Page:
Mizuho Financial Group Inc.’s fruitless search for profit growth in Japan is pushing the lender on an acquisition hunt through Southeast Asia that may lead to Thailand’s TMB Bank Pcl or PT Bank Pan Indonesia.
Burdened with the lowest loan margins of Japan’s three biggest lenders, Tokyo-based Mizuho may spend as much as $5 billion on deals to help boost earnings, said BNP Paribas SA. Japan’s decision to fight deflation with low interest rates has already turned the nation into Asia’s least lucrative lending market, according to data compiled by Bloomberg.
As analysts forecast two years of profit declines at Mizuho, a stake in Bank Pan Indonesia, known as Bank Panin, offers access to faster economic growth and Southeast Asia’s largest population, said JPMorgan Chase & Co. Mizuho also may consider buying part of TMB to finance Japanese manufacturers in Thailand, CLSA Asia-Pacific Markets said.
“In Japan, loan growth is slow and profitability is weak,” Natsumu Tsujino, a Tokyo-based analyst at JPMorgan, said in a phone interview. “For Mizuho to grow, it has no choice but to go overseas.”
Mizuho, Japan’s third-biggest bank by market value, has been less acquisitive overseas in the past five years than its two main domestic rivals -- Mitsubishi UFJ Financial Group Inc. and Sumitomo Mitsui Financial Group Inc., data compiled by Bloomberg show.
Mitsubishi UFJ, Japan’s biggest bank, in July offered to buy as much as 75 percent of Thailand’s Bank of Ayudhya Pcl for $5.6 billion, while Sumitomo Mitsui agreed to purchase 40 percent of Indonesia’s PT Bank Tabungan Pensiunan Nasional for about $1.5 billion in May.
Mizuho may be able to spend as much as 300 billion yen ($3 billion) on deals, said Shinichiro Nakamura, a Tokyo-based analyst at SMBC Nikko Securities Inc. Toyoki Sameshima, a Tokyo-based analyst at BNP Paribas, said the bank could accrue 500 billion yen of excess capital in the next three years to spend on acquisitions.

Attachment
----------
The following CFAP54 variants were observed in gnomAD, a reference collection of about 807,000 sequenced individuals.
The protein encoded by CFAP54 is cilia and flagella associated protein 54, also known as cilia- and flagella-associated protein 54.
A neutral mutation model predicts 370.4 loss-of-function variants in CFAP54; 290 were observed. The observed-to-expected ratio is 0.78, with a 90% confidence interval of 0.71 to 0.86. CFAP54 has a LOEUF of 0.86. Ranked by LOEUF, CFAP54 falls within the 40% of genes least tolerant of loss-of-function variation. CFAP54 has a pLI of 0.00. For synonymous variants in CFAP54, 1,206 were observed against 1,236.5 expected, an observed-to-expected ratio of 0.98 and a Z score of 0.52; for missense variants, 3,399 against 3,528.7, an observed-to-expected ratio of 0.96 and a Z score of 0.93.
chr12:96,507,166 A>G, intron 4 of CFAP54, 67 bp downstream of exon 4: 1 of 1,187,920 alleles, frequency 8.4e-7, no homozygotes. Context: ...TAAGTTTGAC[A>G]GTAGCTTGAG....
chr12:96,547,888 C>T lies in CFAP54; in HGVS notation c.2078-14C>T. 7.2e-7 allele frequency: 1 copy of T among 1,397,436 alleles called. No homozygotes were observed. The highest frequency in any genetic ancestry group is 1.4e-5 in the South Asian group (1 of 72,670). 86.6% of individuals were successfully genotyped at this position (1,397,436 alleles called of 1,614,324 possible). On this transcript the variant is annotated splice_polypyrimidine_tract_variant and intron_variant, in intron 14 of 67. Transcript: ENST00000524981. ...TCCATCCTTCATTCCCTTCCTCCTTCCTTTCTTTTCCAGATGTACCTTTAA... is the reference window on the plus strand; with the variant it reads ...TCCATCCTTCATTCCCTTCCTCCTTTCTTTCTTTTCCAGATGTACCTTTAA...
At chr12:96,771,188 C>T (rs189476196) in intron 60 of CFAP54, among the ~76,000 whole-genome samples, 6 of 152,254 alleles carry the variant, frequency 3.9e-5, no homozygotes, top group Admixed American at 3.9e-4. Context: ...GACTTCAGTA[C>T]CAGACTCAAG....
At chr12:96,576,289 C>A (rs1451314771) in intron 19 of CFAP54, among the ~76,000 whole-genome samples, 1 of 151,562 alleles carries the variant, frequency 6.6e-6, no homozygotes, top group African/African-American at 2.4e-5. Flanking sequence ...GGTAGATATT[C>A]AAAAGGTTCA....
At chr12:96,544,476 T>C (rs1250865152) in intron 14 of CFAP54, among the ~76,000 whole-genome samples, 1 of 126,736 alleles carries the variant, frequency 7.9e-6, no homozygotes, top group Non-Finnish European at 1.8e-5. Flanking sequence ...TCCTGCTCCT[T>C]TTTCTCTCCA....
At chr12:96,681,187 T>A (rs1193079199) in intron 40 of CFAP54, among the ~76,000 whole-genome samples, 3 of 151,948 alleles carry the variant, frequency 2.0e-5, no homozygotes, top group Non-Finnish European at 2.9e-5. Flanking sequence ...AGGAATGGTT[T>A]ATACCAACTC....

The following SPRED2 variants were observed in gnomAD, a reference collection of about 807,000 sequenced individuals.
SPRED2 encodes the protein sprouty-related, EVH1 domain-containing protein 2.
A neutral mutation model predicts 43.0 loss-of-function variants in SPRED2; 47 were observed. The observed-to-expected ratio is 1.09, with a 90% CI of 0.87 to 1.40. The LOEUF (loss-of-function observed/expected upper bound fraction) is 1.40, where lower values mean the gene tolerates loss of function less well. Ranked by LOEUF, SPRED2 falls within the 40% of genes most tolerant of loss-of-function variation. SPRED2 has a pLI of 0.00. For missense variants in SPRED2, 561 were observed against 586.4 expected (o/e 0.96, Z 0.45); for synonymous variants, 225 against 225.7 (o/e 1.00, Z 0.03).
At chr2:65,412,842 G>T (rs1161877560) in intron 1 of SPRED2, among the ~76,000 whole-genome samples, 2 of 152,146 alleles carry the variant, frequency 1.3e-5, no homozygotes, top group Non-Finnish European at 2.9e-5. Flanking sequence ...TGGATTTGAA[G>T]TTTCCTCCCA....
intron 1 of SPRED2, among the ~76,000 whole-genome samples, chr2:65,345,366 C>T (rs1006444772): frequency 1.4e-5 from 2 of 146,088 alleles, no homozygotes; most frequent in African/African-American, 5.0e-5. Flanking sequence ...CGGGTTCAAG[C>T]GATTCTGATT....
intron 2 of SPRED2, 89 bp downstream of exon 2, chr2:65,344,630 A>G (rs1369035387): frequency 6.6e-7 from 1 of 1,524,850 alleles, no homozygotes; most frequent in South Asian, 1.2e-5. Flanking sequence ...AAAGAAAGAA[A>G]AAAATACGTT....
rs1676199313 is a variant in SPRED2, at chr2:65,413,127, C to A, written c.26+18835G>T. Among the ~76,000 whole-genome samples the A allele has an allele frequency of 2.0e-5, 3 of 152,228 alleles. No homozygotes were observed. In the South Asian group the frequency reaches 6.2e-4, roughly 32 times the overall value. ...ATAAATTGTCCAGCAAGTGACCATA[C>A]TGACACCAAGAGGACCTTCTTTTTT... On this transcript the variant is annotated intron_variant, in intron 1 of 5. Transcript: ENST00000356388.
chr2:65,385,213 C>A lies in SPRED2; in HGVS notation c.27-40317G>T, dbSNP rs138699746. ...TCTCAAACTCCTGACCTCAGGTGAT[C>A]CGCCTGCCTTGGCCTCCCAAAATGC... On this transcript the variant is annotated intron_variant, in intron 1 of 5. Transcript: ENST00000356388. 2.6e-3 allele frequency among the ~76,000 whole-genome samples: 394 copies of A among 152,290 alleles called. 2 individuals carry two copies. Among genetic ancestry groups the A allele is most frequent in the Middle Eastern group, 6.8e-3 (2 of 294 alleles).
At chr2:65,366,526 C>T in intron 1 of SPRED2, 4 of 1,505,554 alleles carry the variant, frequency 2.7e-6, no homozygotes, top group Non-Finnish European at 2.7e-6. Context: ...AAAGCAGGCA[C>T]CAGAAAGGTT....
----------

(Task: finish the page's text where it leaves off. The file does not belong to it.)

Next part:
“There’s a high chance they will use extra capital to fund M&A,” Sameshima said in a phone interview. “They are expecting to accumulate more capital.”
Mizuho’s Tier 1 capital ratio -- a key measure of a bank’s financial strength -- rose to 11.4 percent as of June 30 from 11 percent three months earlier, the company said last week.
Today, shares of Mizuho were unchanged at 206 yen. Japan’s benchmark Topix Index added 0.6 percent.
Bank Panin fell 5.8 percent to 650 rupiah in Jakarta and TMB Bank slid 4.8 percent to 2.4 baht in Bangkok.
Yet banks in every other Asian market are squeezing more profit from loans. Japan’s biggest lenders eke out average net interest margins of 1.09 percent, data compiled by Bloomberg show. Indonesian margins, the highest in Asia, are six times wider, based on companies with market values exceeding $5 billion. In Thailand, lenders are three times as profitable. Mizuho’s margin from lending is 0.75 percent compared with 0.94 percent at Mitsubishi UFJ and 1.28 percent at Sumitomo Mitsui.
Mizuho’s net income will fall 2.4 percent to 547 billion yen in the year ending March 2014, and 5.3 percent in the following 12 months, based on analysts’ estimates compiled by Bloomberg.